by Joshua Kingsley
“Justice being taken away, then, what are kingdoms but great robberies? For what are robberies themselves, but little kingdoms?”
“What are kingdoms without justice? They’re just gangs of bandits.”
― Augustine of Hippo, City of God
Let me be clear: Poverty kills. That is what makes it different from simplicity. Simplicity is strength, a gift from God. Simplicity is our call as a church and as Christians. Poverty means not having the barest minimum to maintain a healthy body and soul. In the US, 45 million people live below our poverty threshold, one that is already extremely low ($11,300 for a single person over 65). According to UNICEF, the US has the second highest rate of children living in poverty in the developed world. I am 33 now. I grew up as one of those children. Here’s a taste of what it’s like…
We moved a lot, between states because my father was always looking for work. I attended 14 schools between kindergarten and 7th grade. With a family of 6 we sometimes had to live in cheap motel rooms, RVs, or sleep in our 1976 Jeep Wagoner. Although my household was drugs/alcohol free we always were in parts of town where violent predators lived and worked. My parents’ anxiety was always high. They hit us. It always was done in the moment and both the reaction of adults past their breaking point and a preparation for the painful and harsh world they felt was waiting for us in adulthood. Since I was always the new kid at school, and looked/smelled/sounded poor, the kids there hit me too. I quit going to school in 7th grade and never graduated high school.
That is poverty. We were poor because people profited from my father’s labor. They were greedy. Cities and towns were constructed to keep the poor segregated. The system is designed for people like me to ‘drop off the radar’. It is designed by the collection of choices made by people. The more powerful the people, the more powerful their choices. Sometimes they are made with good intentions. Sometimes they are corrupt. In my experience, they are usually made from a blind perspective that has no relationship to the people affected.
One night as a ten-year-old, I was reading the story of Solomon’s God-as-genie moment where God grants him one wish and he wishes for wisdom. I tried to make the same deal with God that night. I dropped out of school in the 7th grade and God honored our deal. I self-schooled as a teenager, was admitted to the state university on a strict probation and began climbing up the social ladder. As a former educator and now Episcopal priest with two master’s degrees I reflect on this deal with God, my ticket to a different life. An eternal life.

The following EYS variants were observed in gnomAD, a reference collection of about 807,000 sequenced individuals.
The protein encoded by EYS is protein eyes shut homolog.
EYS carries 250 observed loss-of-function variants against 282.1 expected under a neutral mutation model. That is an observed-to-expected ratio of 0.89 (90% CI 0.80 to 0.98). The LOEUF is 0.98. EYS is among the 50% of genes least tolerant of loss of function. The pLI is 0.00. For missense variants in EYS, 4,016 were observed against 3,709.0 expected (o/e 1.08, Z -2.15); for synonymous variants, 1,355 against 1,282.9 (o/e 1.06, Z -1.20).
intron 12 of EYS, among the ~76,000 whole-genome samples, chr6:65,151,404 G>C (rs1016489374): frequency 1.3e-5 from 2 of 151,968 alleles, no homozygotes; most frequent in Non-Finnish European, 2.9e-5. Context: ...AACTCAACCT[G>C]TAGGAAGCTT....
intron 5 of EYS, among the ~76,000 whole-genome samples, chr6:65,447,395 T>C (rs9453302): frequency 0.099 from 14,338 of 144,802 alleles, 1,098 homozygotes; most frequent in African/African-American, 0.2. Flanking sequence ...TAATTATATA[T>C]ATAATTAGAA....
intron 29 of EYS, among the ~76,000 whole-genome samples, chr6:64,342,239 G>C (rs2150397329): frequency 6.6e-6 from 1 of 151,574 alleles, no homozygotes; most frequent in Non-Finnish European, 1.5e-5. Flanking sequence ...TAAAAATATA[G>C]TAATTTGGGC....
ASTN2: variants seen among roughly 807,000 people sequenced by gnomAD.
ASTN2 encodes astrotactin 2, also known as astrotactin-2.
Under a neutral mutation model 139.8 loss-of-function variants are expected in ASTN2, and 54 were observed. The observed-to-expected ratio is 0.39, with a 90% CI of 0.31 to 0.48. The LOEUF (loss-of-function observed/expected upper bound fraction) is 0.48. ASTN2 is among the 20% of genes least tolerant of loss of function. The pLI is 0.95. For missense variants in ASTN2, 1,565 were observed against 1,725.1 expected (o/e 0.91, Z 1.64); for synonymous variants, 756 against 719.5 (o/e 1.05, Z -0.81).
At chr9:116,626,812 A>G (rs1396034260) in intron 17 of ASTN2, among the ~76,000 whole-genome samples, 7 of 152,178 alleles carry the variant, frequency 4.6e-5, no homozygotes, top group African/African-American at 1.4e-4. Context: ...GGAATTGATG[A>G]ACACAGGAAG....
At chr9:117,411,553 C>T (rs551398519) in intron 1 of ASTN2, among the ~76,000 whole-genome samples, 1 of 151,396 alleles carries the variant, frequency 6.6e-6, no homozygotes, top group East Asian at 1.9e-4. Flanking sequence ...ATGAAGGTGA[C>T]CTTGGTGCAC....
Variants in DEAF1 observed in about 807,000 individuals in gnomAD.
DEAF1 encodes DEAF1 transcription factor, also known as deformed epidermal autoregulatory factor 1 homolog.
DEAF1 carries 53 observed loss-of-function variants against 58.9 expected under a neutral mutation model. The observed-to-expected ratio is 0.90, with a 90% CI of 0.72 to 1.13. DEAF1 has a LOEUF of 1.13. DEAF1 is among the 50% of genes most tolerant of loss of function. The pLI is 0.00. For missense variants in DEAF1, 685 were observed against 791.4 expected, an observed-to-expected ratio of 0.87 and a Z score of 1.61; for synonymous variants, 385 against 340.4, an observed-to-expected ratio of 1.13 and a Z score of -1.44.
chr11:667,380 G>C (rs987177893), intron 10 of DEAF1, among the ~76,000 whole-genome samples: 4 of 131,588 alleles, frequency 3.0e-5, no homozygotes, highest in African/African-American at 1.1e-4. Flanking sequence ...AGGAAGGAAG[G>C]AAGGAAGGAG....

At our baptism we renounce Satan and forces of wickedness (BCP, 302) while promising to resist evil (BCP 304). What is evil in our world if not structures of racism, classism, and sexism and the choices that maintain those structures?
At our baptism we promise to proclaim that news that was so good to me as a child: that as a poor person, I am blessed by God in a way others can’t and won’t experience, and that there’s a Kingdom here, now, where I am equal and have control over my body and my life. It is by that last promise, striving for justice and peace for all people, that we fulfill the previous ones.
Look at these baptismal verbs: proclaim and strive. These are not light, easy actions. Baptism is an ontological lifestyle that demands the commitment of one’s body and spirit. In return, it gives freedom from these structures of our society that hurts us all.
Our Episcopal Church has an active and essential role to play in society. We must be more than a voice, more than a presence. We are called to strive. We are called to proclaim. Like Moses, Isaiah, Jesus, and the countless others, we are called to free those oppressed in the slavery of an economy and culture that treats human labor like a commodity.
The trailer parks and housing projects of this country are full of beautiful minds and hearts. Those minds and hearts hold the keys to some of our darkest challenges of war and environmental destruction we face. If they are not set free now, when? If they are not set free by us, then who? We have a baptismal obligation to organize, deepen and act.
image:The front of Right 2 Dream Too, the urban campground in Downtown Portland. Kate Black/OPB